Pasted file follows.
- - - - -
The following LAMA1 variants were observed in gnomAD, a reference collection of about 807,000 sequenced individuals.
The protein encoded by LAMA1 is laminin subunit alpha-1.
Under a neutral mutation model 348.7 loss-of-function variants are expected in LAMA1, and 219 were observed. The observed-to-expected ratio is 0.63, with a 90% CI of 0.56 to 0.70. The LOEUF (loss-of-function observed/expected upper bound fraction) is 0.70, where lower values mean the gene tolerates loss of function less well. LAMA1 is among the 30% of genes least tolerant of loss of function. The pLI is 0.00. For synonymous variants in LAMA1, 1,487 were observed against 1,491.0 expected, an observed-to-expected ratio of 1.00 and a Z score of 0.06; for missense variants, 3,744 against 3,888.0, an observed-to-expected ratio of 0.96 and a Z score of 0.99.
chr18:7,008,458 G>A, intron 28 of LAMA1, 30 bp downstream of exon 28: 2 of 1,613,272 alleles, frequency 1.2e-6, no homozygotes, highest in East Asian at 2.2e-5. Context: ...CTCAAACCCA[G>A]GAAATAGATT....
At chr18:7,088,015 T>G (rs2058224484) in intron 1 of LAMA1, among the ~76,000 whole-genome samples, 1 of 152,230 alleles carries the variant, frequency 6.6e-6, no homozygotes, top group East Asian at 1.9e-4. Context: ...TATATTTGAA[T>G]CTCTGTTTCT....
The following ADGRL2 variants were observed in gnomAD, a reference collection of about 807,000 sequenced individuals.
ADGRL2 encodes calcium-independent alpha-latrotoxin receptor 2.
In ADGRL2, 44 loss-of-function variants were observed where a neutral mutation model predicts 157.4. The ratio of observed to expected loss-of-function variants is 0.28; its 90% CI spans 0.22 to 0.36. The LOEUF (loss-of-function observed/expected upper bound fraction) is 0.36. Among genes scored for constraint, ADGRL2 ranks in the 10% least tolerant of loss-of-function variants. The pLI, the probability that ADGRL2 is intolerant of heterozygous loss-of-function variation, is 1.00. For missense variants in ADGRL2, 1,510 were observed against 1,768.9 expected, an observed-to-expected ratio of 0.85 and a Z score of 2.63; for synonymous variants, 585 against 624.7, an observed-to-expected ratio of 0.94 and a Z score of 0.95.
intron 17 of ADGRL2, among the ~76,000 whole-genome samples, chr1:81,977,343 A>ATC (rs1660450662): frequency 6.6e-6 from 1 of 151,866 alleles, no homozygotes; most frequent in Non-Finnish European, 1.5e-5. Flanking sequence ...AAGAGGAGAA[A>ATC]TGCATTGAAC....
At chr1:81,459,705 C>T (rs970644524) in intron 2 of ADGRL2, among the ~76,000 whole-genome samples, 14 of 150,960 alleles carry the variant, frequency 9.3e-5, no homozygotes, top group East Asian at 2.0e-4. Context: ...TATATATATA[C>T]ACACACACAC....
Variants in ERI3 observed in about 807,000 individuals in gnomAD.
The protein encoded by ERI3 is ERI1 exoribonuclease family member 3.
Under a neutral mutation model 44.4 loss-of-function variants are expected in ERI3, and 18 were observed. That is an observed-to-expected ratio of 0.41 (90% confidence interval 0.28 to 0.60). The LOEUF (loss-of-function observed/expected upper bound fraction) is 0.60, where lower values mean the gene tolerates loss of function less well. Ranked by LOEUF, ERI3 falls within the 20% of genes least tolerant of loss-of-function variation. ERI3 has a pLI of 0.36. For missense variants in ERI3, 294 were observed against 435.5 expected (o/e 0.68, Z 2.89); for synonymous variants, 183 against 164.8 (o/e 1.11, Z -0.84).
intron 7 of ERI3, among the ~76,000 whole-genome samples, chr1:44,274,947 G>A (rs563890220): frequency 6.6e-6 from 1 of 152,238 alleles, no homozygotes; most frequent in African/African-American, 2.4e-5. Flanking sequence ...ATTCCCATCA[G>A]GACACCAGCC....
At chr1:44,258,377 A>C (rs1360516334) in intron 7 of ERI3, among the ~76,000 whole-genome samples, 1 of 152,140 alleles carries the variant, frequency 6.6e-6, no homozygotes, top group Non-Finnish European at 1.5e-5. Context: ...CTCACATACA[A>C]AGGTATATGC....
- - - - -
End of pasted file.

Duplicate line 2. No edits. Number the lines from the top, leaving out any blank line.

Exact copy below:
The protein encoded by LAMA1 is laminin subunit alpha-1.